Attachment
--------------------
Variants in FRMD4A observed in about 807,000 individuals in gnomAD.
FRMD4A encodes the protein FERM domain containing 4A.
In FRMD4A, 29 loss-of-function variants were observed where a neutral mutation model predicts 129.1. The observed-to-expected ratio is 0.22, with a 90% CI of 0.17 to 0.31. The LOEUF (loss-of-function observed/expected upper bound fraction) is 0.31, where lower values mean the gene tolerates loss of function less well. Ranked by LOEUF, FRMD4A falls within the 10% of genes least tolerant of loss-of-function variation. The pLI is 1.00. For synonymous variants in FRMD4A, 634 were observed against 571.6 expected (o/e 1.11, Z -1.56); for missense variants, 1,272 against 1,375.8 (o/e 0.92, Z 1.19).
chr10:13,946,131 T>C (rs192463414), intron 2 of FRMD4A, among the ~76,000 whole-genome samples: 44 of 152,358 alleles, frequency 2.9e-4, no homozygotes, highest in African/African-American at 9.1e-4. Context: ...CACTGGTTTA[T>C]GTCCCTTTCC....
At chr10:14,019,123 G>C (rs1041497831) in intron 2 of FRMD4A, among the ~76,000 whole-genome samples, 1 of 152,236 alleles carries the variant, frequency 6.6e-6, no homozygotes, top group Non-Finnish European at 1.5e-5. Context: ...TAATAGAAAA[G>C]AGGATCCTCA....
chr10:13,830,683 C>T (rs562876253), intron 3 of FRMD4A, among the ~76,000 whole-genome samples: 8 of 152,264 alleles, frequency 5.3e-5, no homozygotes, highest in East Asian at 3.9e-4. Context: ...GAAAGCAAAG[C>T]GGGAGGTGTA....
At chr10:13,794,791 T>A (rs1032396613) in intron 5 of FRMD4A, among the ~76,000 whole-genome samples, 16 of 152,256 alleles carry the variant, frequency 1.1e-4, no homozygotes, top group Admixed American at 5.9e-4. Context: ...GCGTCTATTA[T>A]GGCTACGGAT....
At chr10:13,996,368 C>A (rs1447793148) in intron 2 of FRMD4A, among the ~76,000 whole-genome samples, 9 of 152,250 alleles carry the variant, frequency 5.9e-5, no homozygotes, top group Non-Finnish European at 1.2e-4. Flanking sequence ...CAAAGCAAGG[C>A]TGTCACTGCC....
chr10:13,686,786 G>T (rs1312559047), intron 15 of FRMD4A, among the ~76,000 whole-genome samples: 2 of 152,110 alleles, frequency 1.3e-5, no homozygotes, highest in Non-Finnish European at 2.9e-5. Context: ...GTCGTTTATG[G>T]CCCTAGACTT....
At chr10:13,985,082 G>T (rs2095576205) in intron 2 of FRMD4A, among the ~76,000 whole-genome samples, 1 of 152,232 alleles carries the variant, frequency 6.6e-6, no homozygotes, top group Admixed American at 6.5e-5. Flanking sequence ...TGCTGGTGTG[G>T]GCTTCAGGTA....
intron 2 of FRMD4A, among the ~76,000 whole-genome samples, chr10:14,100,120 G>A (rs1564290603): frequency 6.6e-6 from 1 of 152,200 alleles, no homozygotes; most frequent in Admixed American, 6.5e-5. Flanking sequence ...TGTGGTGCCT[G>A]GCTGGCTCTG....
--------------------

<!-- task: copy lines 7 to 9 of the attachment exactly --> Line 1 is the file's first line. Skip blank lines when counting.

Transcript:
At chr10:13,794,791 T>A (rs1032396613) in intron 5 of FRMD4A, among the ~76,000 whole-genome samples, 16 of 152,256 alleles carry the variant, frequency 1.1e-4, no homozygotes, top group Admixed American at 5.9e-4. Context: ...GCGTCTATTA[T>A]GGCTACGGAT....
At chr10:13,996,368 C>A (rs1447793148) in intron 2 of FRMD4A, among the ~76,000 whole-genome samples, 9 of 152,250 alleles carry the variant, frequency 5.9e-5, no homozygotes, top group Non-Finnish European at 1.2e-4. Flanking sequence ...CAAAGCAAGG[C>A]TGTCACTGCC....
chr10:13,686,786 G>T (rs1312559047), intron 15 of FRMD4A, among the ~76,000 whole-genome samples: 2 of 152,110 alleles, frequency 1.3e-5, no homozygotes, highest in Non-Finnish European at 2.9e-5. Context: ...GTCGTTTATG[G>T]CCCTAGACTT....